Love in the mornings, in the afternoons . . . well, one could live without it. It was not as if there was a choice. Stella had found a compensating pleasure in the intense physicality of the relationship with her children, in the days when they were small. There had been a lover’s joy in the touch of them, in the grace and ease with which they had embraced her, the softness of their knees and elbows before they were roughened by hard use.
Felix would still allow her to hug him and to stroke his hair. He would not do so for much longer. Before he went to boarding school, his days began in Stella’s bed, where he would slide in beside her in the mornings to ask the questions that came immediately to mind when he woke up, or to speculate about the hours ahead. He did not do that now. And it was quite correct, as Stella knew, that he had made this little distance of his own. It was the same as his new rules about the bathroom. Once,
bath time had been a good time for communication with the children. Then, one by one, inevitably, as they grew older, they began to shut and lock the bathroom door. It was strange, in a way, that bodies you once knew as intimately as your own should later be kept hidden from you. Stella had known and loved every tiny portion of her children—the insides of their ears, the gaps between their toes; she had felt each emergent milk tooth with a finger. She had loved her children purely, wholeheartedly, without inhibition, in a way that she could not have extended to an adult’s body.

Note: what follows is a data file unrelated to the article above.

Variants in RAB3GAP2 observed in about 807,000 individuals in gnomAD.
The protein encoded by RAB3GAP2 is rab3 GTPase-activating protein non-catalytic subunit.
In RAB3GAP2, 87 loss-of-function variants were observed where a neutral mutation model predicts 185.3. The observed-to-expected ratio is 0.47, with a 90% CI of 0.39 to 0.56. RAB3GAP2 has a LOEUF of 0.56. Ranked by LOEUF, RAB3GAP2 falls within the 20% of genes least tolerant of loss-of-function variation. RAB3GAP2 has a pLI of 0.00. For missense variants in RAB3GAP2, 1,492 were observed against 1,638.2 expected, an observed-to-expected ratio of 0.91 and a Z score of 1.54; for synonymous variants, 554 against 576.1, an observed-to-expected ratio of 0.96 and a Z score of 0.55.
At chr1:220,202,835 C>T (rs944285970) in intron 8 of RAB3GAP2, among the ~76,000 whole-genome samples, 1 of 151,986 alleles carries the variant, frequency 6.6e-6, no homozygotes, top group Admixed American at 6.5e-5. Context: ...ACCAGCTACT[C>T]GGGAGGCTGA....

As her children progressed to adulthood, they rightly closed the doors on this unembarrassed closeness. In the changing rooms of the gym where Stella went, women who were strangers to each other thought nothing of being naked. If they looked at one another it was only to reassure themselves through comparison: she is fatter than I, her breasts are saggy. But Camilla would not take off her clothes in front of Stella. Stella would never again see the naked bodies of her sons. Unless they were dead, she thought with sudden horror. Dead and laid out on a marble slab.
Stop this. These sentimental, morbid thoughts. Evolution was a fitting thing, and Stella recognized it. She expected her relationships to change. It was her great fortune that Barnaby, Camilla and Felix stayed close to her in their own ways, were open with their thoughts and feelings. But even so. When they were really grown and gone—to careers and households of their own, to marriages—what then? She would necessarily be peripheral to their lives. Then would she be an aging woman on her own, talking to herself as she was doing now, comforting herself with